The browser is the new operating system.
In 2011, WebGL first let developers render computations directly to the device’s GPU via the browser. OpenGL’s Shading Language (GLSL) isn’t easy to work with, but better abstractions were developed over time (like Three.js).
But WebGL was still very display-driven — designed to enable rich 3D and 2D experiences in the browser. So you weren’t totally confined to a <canvas> element, but most use cases ended there.
Now there’s WebGPU shipping in Chrome, providing a more general interface to the underlying GPU APIs. In addition, WebGPU lets developers use new native accelerations like Apple Metal, Microsoft Direct3D 12, and Vulkan.
This means that GPU acceleration in the browser won’t just be used for drawing on a canvas. Matrix multiplications in Tensorflow.js are already supported with a WebGPU backend. There are a few LLMs that have added support for it as well.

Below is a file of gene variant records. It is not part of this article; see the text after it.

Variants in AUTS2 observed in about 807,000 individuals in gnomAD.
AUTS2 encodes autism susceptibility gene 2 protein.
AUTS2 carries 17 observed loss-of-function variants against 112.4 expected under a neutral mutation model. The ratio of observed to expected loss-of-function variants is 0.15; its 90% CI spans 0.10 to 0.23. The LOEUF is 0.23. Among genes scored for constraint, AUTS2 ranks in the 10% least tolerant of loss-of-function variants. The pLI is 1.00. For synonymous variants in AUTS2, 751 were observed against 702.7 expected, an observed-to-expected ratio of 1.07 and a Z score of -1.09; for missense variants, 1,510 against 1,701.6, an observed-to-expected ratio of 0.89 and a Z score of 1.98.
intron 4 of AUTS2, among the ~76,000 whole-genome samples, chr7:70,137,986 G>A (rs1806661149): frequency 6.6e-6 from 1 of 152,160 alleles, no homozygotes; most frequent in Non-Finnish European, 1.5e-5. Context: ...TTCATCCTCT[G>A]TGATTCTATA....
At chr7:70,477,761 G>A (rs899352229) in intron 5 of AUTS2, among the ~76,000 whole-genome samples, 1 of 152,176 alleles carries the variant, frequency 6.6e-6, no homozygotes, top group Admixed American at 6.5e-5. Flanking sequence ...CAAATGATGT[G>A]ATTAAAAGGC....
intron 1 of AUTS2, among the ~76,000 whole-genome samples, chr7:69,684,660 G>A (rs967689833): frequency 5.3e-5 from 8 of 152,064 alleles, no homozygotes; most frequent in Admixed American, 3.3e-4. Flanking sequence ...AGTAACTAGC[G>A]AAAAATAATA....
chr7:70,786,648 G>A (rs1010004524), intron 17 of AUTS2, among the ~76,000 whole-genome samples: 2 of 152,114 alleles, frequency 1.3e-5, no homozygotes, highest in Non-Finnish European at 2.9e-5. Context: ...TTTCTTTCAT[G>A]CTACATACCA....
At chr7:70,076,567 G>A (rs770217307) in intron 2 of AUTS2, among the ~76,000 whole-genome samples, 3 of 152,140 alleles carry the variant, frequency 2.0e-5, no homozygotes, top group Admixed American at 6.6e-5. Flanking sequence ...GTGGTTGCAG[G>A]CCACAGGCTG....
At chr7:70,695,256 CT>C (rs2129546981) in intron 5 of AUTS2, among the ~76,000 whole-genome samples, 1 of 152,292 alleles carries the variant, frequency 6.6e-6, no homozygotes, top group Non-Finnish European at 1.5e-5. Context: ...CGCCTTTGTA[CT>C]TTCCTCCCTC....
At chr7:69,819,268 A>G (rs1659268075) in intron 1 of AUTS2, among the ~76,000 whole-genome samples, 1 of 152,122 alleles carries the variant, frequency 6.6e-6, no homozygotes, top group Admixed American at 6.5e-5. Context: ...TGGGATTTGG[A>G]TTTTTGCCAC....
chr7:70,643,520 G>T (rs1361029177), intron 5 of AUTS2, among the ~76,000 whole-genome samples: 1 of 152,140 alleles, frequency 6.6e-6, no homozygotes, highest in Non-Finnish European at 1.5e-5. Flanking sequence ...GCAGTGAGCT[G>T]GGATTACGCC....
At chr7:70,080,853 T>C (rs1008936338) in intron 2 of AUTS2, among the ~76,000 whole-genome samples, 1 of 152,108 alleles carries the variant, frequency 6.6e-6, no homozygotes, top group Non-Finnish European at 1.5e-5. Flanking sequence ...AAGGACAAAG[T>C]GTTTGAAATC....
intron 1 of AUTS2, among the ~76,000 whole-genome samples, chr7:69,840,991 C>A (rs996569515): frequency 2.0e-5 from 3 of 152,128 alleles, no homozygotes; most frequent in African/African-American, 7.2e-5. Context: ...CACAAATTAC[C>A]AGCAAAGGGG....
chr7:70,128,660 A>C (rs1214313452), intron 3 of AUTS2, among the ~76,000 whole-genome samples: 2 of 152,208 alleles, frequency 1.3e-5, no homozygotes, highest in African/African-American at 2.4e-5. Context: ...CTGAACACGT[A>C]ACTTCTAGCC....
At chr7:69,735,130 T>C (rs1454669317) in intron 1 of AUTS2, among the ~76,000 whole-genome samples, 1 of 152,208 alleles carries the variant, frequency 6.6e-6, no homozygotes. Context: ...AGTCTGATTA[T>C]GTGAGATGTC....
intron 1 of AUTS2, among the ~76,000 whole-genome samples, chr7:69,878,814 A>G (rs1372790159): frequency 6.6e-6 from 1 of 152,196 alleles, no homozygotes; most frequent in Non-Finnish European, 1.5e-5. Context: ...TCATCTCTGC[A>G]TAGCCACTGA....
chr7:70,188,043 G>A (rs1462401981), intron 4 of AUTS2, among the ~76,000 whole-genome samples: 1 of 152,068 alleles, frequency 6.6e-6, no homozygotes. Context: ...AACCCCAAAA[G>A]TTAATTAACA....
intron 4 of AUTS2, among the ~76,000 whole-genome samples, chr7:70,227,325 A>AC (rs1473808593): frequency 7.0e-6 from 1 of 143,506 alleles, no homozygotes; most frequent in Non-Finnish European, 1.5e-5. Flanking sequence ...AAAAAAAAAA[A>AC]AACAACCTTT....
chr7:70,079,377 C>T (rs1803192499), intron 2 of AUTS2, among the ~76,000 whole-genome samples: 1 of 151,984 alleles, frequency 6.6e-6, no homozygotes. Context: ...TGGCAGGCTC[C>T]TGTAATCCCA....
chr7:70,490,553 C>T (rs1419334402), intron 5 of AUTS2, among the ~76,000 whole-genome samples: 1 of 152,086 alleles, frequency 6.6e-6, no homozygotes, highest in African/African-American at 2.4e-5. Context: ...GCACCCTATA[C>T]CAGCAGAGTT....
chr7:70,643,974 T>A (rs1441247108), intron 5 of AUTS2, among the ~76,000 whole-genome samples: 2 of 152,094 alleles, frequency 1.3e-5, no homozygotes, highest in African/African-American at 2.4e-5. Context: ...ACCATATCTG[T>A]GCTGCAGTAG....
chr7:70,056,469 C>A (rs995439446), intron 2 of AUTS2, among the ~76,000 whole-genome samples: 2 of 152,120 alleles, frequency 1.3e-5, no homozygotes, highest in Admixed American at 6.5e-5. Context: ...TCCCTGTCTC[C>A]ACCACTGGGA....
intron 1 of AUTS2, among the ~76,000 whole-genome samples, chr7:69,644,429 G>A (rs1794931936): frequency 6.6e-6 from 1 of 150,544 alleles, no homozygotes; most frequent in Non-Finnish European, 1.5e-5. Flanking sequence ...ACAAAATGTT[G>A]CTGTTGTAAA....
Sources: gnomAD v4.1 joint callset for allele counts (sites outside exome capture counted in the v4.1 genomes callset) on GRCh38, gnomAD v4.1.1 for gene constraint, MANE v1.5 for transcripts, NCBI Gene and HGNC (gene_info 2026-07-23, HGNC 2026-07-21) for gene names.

WebGPU makes browsers start to resemble a more traditional operating system.
- Kernel — In Chrome, the browser engine (Blink) manages process execution, memory, and communication
- File system — In Chrome, there’s IndexedDB, Cache API, LocalStorage, and File API.
- Machine executable binary format — WebAssembly faintly resembles executable and linkable format (ELF) on Linux.
- Hardware modules — WebGPU now provides a more direct API to the underlying hardware. Existing hardware APIs also access microphones, cameras, and other plugins.